Southern Peru

25th November-14th December 2008

Tambopata: Clay-lick Camping Trip

While at Tambopata, we took a 2 day/1night camping trip 4 hours upriver to the Colpa de Guacamayos.

Yellow-spotted River Turtle (Podocnemis unifilis)

Although it is classed as camping, it is not exactly what I would call "roughing it"! we had a separate dining room tent with chairs and tables...

...and the freshly dug pit toilet even had a seat!

The most luxurious pit toilet I've ever seen!

After the camp was set up, we went for a walk in the forest...

Black-capped Parakeet (Pyrrhura rupicola)

Unidentified lizard - possibly a Cocha Whiptail (Kentropyx altamazonica)

Unidentified caterpillar (Lepidoptera)

After about an hour, we emerged onto the bank of an oxbow lake where a few birds typical of the river banks were easily photographable...

Pied Lapwing (Hoploxypterus cayanus)

Striated Heron (Butorides striata)

Greater Yellowlegs (Tringa melanoleuca)

This Grey-necked Wood-rail was bathing on the opposite bank of the river about 75m away, a bit too distant for a decent photo.

Gray-necked Wood-rail (Aramides cajanea)

In the middle of the lake, a Spectacled Caiman occasionally came to the surface...

Spectacled Caiman (Caiman crocodilus)

Vultures were fairly common, with the Turkey Vultures being slightly more common than the larger Greater Yellow-headed Vulture....

Turkey Vulture (Cathartes aura)

Greater Yellow-headed Vulture (Cathartes melambrotus)

At sunrise the following morning, we got in the canoe for the short trip upriver to the Macaw salt-lick. This is an exposed, red soil riverbank about 200m in length on which hundreds of parrots and macaws congregate daily to eat the soil. Why they do this is still a mystery, and there are several theories that have been proposed to account for this behaviour. The most accepted theory is that the parrots eat the soil for dietary reasons, either to obtain minerals that are not present in their normal diet or to neutralise toxins from some of the unripe fruits they eat.

Salt-lick river bank

The usual pattern is the smaller Macaws and parrots come down first and are then later joined by the large Macaws, once they have decided it is safe enough.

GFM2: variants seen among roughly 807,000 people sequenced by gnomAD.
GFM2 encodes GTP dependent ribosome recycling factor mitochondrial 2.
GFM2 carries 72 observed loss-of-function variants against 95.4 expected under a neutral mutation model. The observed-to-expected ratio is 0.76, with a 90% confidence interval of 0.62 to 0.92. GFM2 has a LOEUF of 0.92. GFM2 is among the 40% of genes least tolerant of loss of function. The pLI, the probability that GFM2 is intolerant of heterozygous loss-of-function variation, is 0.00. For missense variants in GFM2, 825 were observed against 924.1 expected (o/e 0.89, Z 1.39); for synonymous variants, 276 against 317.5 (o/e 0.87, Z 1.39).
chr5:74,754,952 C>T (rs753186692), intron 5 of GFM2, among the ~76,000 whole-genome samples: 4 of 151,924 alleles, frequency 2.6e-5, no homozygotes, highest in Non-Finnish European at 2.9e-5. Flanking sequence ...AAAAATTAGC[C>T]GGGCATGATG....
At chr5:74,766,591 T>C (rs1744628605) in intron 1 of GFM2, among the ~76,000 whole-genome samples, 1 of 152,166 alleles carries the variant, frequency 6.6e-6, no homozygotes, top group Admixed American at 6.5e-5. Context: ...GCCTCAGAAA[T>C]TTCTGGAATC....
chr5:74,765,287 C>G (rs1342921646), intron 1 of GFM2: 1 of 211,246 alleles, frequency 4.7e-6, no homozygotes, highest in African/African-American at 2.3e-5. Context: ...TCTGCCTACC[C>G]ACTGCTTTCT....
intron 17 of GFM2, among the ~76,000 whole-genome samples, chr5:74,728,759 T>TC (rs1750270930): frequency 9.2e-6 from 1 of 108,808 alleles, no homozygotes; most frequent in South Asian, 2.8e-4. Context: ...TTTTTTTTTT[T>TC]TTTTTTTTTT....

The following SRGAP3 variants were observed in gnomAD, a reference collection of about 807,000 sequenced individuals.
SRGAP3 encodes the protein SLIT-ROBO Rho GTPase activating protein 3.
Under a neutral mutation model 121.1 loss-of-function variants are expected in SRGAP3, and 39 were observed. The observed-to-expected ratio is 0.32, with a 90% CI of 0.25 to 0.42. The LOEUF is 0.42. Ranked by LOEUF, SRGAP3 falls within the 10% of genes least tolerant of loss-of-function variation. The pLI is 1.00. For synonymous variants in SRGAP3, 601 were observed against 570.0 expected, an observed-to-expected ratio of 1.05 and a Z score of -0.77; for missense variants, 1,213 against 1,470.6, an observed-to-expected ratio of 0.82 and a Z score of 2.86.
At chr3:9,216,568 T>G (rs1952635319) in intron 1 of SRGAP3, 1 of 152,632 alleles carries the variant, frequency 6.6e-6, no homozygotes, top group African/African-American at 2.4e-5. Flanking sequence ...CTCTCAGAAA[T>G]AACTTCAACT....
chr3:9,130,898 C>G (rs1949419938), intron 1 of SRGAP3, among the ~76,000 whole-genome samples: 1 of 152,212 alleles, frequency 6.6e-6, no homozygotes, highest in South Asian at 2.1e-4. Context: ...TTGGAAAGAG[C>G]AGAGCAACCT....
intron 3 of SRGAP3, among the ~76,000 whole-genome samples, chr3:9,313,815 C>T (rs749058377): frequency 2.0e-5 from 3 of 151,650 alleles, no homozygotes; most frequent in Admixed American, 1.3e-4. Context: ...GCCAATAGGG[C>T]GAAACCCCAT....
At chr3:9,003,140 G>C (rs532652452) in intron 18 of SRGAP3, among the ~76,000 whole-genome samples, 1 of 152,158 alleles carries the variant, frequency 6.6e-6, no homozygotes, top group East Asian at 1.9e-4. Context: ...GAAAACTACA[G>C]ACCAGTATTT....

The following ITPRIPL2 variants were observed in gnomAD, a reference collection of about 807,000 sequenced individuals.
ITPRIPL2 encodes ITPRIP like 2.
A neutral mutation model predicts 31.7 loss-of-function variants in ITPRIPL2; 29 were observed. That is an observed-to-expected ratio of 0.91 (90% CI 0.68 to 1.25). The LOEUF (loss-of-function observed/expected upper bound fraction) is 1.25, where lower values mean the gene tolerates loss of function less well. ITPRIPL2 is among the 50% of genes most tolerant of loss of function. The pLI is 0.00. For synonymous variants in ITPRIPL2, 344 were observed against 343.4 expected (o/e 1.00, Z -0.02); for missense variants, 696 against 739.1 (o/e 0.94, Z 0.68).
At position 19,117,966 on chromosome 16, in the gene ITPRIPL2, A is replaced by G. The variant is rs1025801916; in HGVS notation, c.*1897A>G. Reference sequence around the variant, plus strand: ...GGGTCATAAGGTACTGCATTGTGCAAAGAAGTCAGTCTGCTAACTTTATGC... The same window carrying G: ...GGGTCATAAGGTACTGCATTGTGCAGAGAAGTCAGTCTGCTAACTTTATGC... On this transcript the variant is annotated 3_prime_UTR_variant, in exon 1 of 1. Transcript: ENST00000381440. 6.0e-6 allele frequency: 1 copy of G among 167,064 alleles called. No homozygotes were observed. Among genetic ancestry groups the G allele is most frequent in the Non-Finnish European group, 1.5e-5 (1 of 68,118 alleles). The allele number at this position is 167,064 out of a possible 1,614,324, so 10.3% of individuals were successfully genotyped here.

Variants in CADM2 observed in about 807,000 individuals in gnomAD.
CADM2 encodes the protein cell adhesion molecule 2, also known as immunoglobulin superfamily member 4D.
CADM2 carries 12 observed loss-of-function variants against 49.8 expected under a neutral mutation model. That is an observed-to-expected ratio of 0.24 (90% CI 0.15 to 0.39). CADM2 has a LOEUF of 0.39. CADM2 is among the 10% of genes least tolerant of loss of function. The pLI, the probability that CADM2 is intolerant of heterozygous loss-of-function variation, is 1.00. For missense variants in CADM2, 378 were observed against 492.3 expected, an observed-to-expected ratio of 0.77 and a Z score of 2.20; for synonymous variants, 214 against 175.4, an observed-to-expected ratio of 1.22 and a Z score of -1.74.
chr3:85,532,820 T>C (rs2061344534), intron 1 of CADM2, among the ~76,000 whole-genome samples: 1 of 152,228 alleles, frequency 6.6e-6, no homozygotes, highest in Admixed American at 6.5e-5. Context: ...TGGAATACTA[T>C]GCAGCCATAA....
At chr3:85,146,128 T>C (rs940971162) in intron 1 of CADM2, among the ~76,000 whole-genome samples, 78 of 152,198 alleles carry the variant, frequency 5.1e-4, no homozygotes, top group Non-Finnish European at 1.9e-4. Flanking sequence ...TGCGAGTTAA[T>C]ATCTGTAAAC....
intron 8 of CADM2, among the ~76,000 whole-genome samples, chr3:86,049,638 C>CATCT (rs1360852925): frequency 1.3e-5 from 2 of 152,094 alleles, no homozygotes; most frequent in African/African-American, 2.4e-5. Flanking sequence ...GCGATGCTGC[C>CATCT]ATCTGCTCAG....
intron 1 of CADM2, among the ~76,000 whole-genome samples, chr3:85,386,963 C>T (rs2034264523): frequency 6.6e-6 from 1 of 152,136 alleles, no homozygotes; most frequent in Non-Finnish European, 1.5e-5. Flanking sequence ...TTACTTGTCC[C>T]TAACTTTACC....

It started out well, with reasonable numbers of Chestnut-fronted Macaws and Mealy Parrots...

Chestnut-fronted Macaws (Ara severus) & Mealy Parrots (Amazona farinosa)

...but then an Orange-breasted Falcon flew over...

Orange-breasted Falcon (Falco deiroleucus)

...and pandemonium ensued!

Chestnut-fronted Macaws (Ara severus) & Mealy Parrot (Amazona farinosa)

All the parrots took flight...

Chestnut-fronted Macaws (Ara severus)

Chestnut-fronted Macaws (Ara severus)

Mealy Parrots (Amazona farinosa)

White-eyed Parakeets (Aratinga leucophthalma)

...including the large Macaws, such as these Red-and-Greens, which had been sitting in the trees above the riverbank.

Red-and-green Macaws (Ara chloropterus)

It was over 2 hours before they returned again, but this time the large Macaws were the first to settle.

Red-and-green Macaws (Ara chloropterus)

There are 3 species of large Macaw at Tambopata: Red-and-Green (the most numerous species); Scarlet (distinguished from Red-and-Green by the yellow band across their wings); and the Blue-and-Yellow. All 3 are present in the photos below...

Red-and-green Macaws (Ara chloropterus), Scarlet Macaws (Ara macao)
& Blue-and-Yellow Macaws (Ara ararauna)

Red-and-green Macaws (Ara chloropterus), Scarlet Macaws (Ara macao)
& Blue-and-Yellow Macaws (Ara ararauna)

Red-and-green Macaws (Ara chloropterus)

Tambopata Back to map Tambopata (Insects)